Blood test results - I have gone against endo advice

Blood test results - I have gone against endo advice

Hi, I saw an endo for the second time but as he had not arranged for me to have a blood test prior to the appointment there was little to discuss. I then had the blood test and he phoned me to say to stay on 100 levo 5 days and 75 levo 2 days. I asked him for the test results and ranges and was sad to see my TSH had risen sharply and my T4 was close to bottom of the range. I decided to take 100 mg levo 6 days and 75 only one. I will be seeing him again in a few weeks and I may need to argue my case, so I am hoping for reassurance that what I did was sensible. Thanks for your help.

20 Replies

  • You are very sensible as your TSH has risen too high on the dose you were on, so it is right that you've increased your dose.

    I have no idea why he changed the dose you were taking on 11th September. They have no right to adjust our medication due only to the TSH which is a ridiculous thing to do, although they appear unware of this phenomenon. It messes up our metabolism and it has certainly increased your TSH and I assume symptoms.

    The aim for most of us is a TSH around 1 or below, or suppressed if it makes us feel better.

    Others will respond re your other blood results.

    I hope you feel better soon.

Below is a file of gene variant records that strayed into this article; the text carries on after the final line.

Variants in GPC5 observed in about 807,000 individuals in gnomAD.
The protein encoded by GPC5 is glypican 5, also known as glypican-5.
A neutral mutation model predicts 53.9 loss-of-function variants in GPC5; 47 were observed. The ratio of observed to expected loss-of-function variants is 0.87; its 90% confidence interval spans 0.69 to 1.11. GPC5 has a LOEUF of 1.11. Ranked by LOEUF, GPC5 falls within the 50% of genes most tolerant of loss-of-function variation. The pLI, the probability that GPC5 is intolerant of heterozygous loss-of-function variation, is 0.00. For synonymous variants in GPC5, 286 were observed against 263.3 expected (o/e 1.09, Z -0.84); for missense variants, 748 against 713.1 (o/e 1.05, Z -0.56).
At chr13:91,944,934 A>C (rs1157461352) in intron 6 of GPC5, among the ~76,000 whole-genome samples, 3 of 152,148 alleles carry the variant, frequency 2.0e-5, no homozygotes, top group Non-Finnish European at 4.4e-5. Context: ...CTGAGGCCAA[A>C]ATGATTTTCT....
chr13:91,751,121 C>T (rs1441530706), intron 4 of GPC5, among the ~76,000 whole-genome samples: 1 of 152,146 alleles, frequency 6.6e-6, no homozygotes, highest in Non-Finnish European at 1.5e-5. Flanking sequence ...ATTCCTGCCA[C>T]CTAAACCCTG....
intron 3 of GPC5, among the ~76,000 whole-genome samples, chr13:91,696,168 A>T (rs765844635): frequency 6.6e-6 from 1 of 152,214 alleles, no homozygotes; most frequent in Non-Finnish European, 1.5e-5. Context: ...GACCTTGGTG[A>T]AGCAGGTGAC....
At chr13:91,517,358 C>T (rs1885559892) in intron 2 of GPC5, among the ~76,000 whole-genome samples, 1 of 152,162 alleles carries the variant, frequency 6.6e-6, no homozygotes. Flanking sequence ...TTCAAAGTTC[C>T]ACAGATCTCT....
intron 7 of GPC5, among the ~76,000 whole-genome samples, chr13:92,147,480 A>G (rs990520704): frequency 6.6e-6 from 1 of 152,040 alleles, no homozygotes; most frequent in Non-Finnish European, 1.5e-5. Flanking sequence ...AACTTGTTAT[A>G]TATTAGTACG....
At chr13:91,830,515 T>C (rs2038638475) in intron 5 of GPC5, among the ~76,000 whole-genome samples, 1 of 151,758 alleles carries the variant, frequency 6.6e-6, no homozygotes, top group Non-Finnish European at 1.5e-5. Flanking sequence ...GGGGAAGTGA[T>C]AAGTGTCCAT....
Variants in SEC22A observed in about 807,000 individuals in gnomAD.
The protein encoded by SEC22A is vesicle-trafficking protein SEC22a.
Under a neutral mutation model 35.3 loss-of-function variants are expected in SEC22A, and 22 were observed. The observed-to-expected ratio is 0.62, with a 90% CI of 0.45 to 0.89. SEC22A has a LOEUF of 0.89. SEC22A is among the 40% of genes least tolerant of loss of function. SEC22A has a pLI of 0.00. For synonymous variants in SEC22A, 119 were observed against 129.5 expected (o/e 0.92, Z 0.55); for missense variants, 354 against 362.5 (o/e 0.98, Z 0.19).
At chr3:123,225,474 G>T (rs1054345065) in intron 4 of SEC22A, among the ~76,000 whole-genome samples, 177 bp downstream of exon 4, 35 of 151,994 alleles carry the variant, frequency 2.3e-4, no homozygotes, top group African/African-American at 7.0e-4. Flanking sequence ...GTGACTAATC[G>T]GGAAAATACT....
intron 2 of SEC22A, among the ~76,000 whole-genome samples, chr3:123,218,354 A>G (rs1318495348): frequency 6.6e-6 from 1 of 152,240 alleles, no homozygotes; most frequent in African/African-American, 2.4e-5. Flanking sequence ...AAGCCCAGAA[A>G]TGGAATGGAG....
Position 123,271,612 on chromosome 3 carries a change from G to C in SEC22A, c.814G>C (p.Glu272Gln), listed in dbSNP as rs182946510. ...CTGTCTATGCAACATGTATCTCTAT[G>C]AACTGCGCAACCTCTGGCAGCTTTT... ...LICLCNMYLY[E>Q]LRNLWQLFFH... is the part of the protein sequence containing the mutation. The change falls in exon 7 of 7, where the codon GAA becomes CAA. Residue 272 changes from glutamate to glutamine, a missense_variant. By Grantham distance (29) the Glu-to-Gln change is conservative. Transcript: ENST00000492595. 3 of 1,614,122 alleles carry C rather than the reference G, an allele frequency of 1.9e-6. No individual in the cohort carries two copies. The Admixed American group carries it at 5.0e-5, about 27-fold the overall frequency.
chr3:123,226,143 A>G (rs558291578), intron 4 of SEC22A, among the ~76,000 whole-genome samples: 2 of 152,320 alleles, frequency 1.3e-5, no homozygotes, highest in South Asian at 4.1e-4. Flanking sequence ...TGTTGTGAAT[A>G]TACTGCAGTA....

• Hi Shaws, I saw a very junior member of the team in September, and he babbled on about TSH being suppressed. ( He also told me to stop taking iron, as my ferritin was low and he wanted to know why. As the only test he seemed to intend was to stop the ferritin I ignored this advice). I was just glad he was not saying to go back to 75 every day.

  • Well Done MidnightBlue, to be honest on the readings of Jan 15 I would have resumed 100mg daily, your endo clearly went on pure TSH readings. How did you feel back in Sep14? I think you could try raising your iron, B12 and folate a little more. I got into a terrible mess when doctors told me to reduce my dose of thyroxine based on TSH, it has taken me years to get better. One day I will let the doctors know how they caused so much mayhem and put me at such risk -when I have the time and energy to write it all down as it will be a lengthy task. Good luck with your next consultation.

  • Thanks for your reply. I am supplementing b12 and iron. Ferritin seems to take ages to improve. I thought folate looked ok, but do you think I should supplement that too?